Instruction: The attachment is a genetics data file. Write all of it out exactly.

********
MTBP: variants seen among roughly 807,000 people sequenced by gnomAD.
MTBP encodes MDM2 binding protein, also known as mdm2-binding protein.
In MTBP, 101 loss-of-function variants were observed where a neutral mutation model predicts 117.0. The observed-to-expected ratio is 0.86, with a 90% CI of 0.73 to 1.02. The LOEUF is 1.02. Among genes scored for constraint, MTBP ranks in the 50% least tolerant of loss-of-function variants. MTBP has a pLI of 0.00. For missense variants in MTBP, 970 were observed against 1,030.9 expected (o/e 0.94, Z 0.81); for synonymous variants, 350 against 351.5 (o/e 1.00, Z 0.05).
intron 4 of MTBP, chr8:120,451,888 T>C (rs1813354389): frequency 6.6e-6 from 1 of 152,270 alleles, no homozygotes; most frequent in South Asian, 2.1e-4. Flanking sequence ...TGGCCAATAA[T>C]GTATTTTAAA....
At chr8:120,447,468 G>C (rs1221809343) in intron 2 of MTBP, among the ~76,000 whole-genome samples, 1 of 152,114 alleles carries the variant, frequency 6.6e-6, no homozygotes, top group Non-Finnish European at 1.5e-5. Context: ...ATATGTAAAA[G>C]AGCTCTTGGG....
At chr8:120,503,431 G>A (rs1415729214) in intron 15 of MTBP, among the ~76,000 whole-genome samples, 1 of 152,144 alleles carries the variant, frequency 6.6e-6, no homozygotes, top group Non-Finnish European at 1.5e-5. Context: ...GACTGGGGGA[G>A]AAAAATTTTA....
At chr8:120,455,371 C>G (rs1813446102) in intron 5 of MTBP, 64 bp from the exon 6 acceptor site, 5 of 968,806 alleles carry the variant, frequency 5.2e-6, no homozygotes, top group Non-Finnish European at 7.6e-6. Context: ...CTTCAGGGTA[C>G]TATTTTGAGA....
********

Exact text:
MTBP: variants seen among roughly 807,000 people sequenced by gnomAD.
MTBP encodes MDM2 binding protein, also known as mdm2-binding protein.
In MTBP, 101 loss-of-function variants were observed where a neutral mutation model predicts 117.0. The observed-to-expected ratio is 0.86, with a 90% CI of 0.73 to 1.02. The LOEUF is 1.02. Among genes scored for constraint, MTBP ranks in the 50% least tolerant of loss-of-function variants. MTBP has a pLI of 0.00. For missense variants in MTBP, 970 were observed against 1,030.9 expected (o/e 0.94, Z 0.81); for synonymous variants, 350 against 351.5 (o/e 1.00, Z 0.05).
intron 4 of MTBP, chr8:120,451,888 T>C (rs1813354389): frequency 6.6e-6 from 1 of 152,270 alleles, no homozygotes; most frequent in South Asian, 2.1e-4. Flanking sequence ...TGGCCAATAA[T>C]GTATTTTAAA....
At chr8:120,447,468 G>C (rs1221809343) in intron 2 of MTBP, among the ~76,000 whole-genome samples, 1 of 152,114 alleles carries the variant, frequency 6.6e-6, no homozygotes, top group Non-Finnish European at 1.5e-5. Context: ...ATATGTAAAA[G>C]AGCTCTTGGG....
At chr8:120,503,431 G>A (rs1415729214) in intron 15 of MTBP, among the ~76,000 whole-genome samples, 1 of 152,144 alleles carries the variant, frequency 6.6e-6, no homozygotes, top group Non-Finnish European at 1.5e-5. Context: ...GACTGGGGGA[G>A]AAAAATTTTA....
At chr8:120,455,371 C>G (rs1813446102) in intron 5 of MTBP, 64 bp from the exon 6 acceptor site, 5 of 968,806 alleles carry the variant, frequency 5.2e-6, no homozygotes, top group Non-Finnish European at 7.6e-6. Context: ...CTTCAGGGTA[C>G]TATTTTGAGA....